Applause filled a crowded hall in Osaka in early May after an audience of some 150 math lovers listened attentively to lectures by 15 panelists who were given 314 seconds each to present their discoveries and ideas on mathematics. A 17-year-old boy presented a unique idea on the “length of minus,” while another presenter explained how a heart symbol can be rendered using mathematical formulas. The participants of this “Romantic Math Night” event were awed into silence by a lecture presented by a Kyushu University academic on how he proved a mathematical theory that had not been proven in 40 years. A female high school student said: “Even though I couldn’t understand most of his presentation, it was extremely intriguing. The formulas used in the lecture sounded like music!”
Mathematics is not a subject that many people seem to have a natural affinity for. In fact, many suffer from “math anxiety” stemming from their school days. A recent survey of middle school students from 40 nations found that nearly half of Japanese respondents said math is “boring,” about 20% higher than the average. However, according to Asahi (5/21) and Mainichi (6/29/2016), an increasing number of Japanese find math fascinating nowadays, as demonstrated by the popularity of Romantic Math Night and similar events. “Some people steer clear of me after hearing that I’m a math buff,” said a physics major at Nara Women’s University who attended the Osaka event. “But I feel comfortable attending this type of program.”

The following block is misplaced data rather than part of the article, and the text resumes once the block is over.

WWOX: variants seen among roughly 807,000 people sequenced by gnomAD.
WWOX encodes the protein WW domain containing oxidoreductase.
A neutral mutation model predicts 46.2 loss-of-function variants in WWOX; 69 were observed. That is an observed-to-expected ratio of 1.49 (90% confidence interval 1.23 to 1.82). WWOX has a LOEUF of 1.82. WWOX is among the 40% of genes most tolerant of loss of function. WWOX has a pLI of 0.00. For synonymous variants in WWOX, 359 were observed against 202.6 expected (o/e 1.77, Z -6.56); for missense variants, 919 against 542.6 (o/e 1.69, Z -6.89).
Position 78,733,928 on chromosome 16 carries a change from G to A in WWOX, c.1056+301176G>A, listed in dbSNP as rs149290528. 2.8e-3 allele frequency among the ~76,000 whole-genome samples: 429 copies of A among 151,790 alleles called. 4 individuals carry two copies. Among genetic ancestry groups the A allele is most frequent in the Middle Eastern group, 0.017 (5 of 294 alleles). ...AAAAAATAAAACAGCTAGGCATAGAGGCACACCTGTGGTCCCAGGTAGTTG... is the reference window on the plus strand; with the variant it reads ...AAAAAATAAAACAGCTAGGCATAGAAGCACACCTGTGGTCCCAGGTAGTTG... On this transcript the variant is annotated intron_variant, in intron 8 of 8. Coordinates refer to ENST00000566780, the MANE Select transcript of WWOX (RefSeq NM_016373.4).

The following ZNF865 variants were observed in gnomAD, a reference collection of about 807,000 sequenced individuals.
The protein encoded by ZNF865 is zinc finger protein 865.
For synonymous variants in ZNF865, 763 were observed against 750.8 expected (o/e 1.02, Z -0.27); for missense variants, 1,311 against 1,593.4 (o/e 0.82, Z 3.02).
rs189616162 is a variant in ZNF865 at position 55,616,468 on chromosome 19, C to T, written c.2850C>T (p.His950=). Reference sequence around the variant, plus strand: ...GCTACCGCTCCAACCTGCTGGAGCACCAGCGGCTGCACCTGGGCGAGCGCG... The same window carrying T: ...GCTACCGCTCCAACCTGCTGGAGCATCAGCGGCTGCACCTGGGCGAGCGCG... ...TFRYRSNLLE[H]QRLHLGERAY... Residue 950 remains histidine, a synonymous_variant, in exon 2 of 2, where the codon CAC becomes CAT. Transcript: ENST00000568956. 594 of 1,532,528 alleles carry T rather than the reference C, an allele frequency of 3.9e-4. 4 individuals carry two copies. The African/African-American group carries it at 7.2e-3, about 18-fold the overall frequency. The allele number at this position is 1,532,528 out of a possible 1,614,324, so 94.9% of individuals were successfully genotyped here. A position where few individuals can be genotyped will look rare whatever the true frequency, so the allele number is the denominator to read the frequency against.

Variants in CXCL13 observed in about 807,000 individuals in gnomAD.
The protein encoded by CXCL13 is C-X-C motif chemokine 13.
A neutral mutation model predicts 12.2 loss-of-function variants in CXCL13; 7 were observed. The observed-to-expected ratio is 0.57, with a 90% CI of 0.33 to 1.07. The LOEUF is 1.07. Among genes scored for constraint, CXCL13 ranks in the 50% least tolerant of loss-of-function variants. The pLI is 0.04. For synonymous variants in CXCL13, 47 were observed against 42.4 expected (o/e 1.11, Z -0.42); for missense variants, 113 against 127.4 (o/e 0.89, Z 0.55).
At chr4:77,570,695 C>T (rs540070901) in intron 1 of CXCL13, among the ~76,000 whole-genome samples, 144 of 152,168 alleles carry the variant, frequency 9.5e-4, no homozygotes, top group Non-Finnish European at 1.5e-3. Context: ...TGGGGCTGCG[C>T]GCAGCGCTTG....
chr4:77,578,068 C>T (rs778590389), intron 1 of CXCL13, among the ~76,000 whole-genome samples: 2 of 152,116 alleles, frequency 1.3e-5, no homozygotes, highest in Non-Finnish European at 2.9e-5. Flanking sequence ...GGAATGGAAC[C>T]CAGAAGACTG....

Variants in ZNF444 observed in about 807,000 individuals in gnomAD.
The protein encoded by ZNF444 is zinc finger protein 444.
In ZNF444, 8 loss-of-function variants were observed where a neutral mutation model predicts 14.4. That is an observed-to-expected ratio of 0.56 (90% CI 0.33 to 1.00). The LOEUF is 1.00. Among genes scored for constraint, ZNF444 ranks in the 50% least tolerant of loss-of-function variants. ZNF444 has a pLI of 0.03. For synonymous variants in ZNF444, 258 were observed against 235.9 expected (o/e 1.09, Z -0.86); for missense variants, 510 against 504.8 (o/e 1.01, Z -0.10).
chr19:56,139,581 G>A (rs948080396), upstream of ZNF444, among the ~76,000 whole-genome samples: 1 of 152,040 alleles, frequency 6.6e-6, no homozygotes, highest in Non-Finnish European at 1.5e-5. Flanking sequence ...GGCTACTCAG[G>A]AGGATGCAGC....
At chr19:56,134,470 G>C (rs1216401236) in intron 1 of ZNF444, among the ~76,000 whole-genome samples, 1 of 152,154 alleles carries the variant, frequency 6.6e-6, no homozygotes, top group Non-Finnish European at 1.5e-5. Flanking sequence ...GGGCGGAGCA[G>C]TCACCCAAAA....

The event was organized by a Tokyo company called Wakara that was founded seven years ago by Tomoyuki Horiguchi. In addition to sponsoring math events, the firm arranges lessons for math aficionados and courses in applying statistics to business. Some 400 people now take the courses each month.
The growing interest in mathematics is also evidenced by a surge in sales of math books for laypersons. More than 100,000 copies of a reference book on high school-level math have been sold since its release in 2009, and “Statistics Is the Most Powerful Academic Discipline” (2013) made the bestseller list with sales of 400,000 copies.
Tokyo Institute of Technology geometrician Fumiharu Kato, who regularly lectures on famous mathematicians and their theories to math enthusiasts off campus, says: “Math lovers used to be thought of as geeks or nerds, but not anymore.” The scholar speculates that math has gained popularity in response to TV shows featuring personalities tackling math problems and movies and manga about mathematicians. “Math isn’t just calculation,” he says. “You can learn and enjoy math in a variety of ways.”
According to the articles, some people are also drawn to math on account of the growing demand for employees with knowledge of statistics, which is important for inventory management and quality control. Statisticians, data scientists, mathematicians, and actuaries are some of the “hottest jobs” these days. Japanese companies are eager to hire employees with knowledge of mathematics and statistics so as to cash in on rapid progress in the fields of artificial intelligence and big data analysis. Wakara President Horiguchi explains that people with strong math skills tend to be offered higher salaries and more prestigious positions, especially in the IT and financial sectors.
Studying math not only boosts people’s career prospects but also helps them weather the tumultuous times we live in, says Jin Akiyama (right), a prominent mathematician who has become a TV celebrity by delivering lectures in unique costumes. “Working on math problems is just as mentally challenging as playing Go or Shogi,” he says. “The ability to think deeply and logically is becoming more important than ever.” According to Akiyama, math is the best way to sharpen one’s cognitive skills. He says that although many people suffer from “math phobia,” mathematics is actually like sports or music and everyone can enjoy it in their own way.